I was not prepared for the reception, both good and bad, that my post It’s None of Your Business How Many Kids I’m Having (first published on this blog) received on Huffington Post Parents. Because I didn’t expect it to be so controversial, I found it hard not to take some of the comments to heart. Welcome to the life of a blogger, right?
But I did want to address one facet of the criticisms against the post. Those who called it “garbage,” said I should “get over it” and that I “wasted [my] time writing it,” here’s what I have to say:
The reason this conversation was important was not because it affected me so greatly that I can’t get past it. It’s not that I’m trying to air my dirty laundry on social media because I couldn’t confront this person directly. And it’s not that we can’t have discourse and that we have to be so PC all the time so that we don’t hurt each other’s feelings.
But it is a moment that mattered.
Every day, little incidents, offhand remarks and snippets of conversation happen that perpetuate bias, stereotypes, ignorance and prejudice. They reflect a lack of understanding, sympathy and plain old manners. The way that we as a society view certain things are revealed in the most subtle of ways. This is the case whether we are talking about racism, sexism, ageism or (what should we call this?) reproductive-ism. This is why the moment mattered.
When people are going through infertility or miscarriage, they often feel isolated and alone. No one seems to understand their pain. We don’t have a way to talk about these topics. People, like the man I talked to, don’t even recognize or remember their existence. It is our responsibility to take into account what might be offensive to someone else when we speak. This is not to say we can’t have discourse or that certain topics are off limits. But the how and when we discuss certain things is important.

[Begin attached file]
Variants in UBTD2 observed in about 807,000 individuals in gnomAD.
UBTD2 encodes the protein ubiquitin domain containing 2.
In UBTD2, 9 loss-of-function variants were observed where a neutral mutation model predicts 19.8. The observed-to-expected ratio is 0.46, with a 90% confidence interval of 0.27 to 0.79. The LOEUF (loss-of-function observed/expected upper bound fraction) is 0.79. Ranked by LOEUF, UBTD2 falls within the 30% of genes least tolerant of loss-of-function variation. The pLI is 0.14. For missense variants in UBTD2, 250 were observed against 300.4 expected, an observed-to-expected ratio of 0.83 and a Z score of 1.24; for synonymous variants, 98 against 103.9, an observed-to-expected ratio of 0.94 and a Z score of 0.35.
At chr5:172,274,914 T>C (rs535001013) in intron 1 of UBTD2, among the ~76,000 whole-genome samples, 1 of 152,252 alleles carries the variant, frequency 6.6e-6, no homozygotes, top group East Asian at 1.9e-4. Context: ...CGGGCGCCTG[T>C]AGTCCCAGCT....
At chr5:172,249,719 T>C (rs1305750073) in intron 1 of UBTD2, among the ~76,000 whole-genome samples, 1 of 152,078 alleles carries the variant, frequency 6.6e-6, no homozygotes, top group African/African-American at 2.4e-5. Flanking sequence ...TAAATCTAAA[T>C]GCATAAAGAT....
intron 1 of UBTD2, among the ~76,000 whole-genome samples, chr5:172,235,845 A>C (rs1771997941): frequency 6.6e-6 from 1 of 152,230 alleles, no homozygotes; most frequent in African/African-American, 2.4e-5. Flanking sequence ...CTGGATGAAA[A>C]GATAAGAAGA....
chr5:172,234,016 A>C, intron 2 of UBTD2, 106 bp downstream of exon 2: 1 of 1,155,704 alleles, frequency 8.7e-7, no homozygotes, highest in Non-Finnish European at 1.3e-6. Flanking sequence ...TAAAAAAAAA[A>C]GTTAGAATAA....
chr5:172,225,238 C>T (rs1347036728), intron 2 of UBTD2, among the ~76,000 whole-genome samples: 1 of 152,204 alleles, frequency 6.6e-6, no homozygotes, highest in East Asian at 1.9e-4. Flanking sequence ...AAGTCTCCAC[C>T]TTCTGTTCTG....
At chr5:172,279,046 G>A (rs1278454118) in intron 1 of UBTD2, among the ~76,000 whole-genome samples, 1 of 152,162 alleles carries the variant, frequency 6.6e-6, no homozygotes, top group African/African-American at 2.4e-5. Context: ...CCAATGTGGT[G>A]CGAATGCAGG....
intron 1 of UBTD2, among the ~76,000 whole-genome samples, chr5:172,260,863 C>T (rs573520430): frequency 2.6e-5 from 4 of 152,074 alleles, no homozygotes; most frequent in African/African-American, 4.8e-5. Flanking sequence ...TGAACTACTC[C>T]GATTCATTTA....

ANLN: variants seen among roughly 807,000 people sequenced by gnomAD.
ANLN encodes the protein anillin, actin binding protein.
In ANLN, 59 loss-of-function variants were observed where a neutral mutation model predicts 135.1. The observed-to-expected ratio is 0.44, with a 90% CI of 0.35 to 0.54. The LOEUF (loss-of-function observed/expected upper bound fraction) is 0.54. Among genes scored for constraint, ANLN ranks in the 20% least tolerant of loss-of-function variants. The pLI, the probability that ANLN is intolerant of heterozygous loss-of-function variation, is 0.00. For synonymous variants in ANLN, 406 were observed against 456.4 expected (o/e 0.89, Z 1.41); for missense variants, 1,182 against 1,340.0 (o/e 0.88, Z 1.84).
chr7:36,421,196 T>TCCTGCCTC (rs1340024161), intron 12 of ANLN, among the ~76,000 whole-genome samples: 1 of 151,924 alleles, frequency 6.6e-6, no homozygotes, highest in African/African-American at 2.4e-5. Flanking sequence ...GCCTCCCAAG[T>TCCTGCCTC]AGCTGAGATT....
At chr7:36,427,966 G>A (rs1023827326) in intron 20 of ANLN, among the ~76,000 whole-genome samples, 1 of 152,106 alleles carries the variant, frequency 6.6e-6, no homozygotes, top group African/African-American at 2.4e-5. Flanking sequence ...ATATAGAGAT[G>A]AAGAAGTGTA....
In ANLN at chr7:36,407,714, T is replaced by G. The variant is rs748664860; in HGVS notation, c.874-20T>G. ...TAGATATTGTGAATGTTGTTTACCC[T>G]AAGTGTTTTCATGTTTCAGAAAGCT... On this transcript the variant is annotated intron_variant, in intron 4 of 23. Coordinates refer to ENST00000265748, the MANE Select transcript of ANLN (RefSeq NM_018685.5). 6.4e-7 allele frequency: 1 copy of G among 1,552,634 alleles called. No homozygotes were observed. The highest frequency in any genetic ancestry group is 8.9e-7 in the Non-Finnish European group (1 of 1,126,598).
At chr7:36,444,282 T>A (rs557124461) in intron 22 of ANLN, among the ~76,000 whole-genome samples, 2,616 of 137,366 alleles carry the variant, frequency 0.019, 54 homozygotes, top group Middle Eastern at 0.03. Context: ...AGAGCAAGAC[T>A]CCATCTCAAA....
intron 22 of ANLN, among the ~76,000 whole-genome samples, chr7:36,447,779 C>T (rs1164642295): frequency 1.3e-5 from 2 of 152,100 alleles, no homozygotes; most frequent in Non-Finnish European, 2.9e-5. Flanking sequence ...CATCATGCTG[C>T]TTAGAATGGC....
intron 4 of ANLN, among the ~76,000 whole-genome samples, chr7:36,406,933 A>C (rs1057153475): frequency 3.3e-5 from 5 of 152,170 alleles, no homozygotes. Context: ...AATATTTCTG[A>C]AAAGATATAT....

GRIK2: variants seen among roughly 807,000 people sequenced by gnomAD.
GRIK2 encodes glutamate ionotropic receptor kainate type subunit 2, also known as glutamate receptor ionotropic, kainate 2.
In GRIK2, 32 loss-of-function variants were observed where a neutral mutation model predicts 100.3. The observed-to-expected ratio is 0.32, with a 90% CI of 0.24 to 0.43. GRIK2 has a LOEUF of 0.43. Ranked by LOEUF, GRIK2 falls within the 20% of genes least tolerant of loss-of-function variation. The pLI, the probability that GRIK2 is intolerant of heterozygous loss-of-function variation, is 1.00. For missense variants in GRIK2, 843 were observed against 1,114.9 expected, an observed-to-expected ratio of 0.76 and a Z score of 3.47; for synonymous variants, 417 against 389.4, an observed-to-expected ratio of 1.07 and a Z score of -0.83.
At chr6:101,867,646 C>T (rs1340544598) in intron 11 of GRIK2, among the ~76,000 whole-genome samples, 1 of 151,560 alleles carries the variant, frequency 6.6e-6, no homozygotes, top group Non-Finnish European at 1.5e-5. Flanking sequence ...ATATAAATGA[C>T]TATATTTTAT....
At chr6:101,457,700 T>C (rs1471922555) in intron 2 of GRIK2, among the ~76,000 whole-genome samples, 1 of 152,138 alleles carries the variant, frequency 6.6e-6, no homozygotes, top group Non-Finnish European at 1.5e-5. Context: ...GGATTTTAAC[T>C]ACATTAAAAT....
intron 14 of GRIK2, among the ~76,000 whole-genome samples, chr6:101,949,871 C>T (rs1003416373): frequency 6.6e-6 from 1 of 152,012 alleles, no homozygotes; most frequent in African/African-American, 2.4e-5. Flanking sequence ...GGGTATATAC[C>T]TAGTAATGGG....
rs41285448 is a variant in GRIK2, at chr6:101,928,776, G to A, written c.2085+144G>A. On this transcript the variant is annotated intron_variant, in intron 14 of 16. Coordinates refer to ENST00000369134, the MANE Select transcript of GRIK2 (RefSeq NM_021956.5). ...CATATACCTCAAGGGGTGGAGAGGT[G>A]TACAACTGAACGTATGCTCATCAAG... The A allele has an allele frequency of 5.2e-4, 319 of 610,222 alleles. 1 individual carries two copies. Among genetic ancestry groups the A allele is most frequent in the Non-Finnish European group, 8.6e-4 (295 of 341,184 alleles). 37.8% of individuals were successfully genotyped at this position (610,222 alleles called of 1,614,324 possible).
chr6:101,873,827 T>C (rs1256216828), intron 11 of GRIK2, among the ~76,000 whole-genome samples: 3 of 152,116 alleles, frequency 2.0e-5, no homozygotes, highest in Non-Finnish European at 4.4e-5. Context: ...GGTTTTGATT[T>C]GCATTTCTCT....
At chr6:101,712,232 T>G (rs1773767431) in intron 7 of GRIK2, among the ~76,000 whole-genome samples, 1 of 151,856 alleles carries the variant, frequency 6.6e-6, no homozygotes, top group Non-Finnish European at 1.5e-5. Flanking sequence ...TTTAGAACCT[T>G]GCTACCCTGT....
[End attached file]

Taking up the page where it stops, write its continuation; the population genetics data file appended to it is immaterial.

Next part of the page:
Throughout my journey to have a baby, I was on the receiving end of a lot of unintentionally hurtful comments and actions by people who didn’t know what to say or how to act. Now that I have a child, I feel like I’ve reentered the “normal” world – except that I am not normal. But because you wouldn’t know that to look at me with my son, the offensive conversations still occur.
Should I have confronted the man directly, as said another of the criticisms of the post? Maybe. But as I said in the piece, in the moment I was so taken aback at the awkwardness of the situation that I just couldn’t. That may have been my mistake. I chose to write about it not because I want to passive-agressively complain about it, but in order to bring awareness to the inappropriateness of what was said.
Look, I’m sure that man was a perfectly nice person who didn’t mean anything malicious. But that’s the point. Even if he didn’t mean it, it was still hurtful. And a lack of awareness about infertility and miscarriage means the silent suffering will continue.
Some people who responded positively said the article helped them because they never thought about it like that, and maybe they had said something in the past that was offensive even though they didn’t mean to be. It made them aware of something they hadn’t recognized before. That outcome – giving people a new perspective and actually inspiring them to change their behavior – is why I wrote the piece.
Words matter, even if they’re not on the grand scale of offensiveness of those of a certain pair of fashion designers who will remain nameless. But they still matter. That’s why I posted the piece. That’s why I write.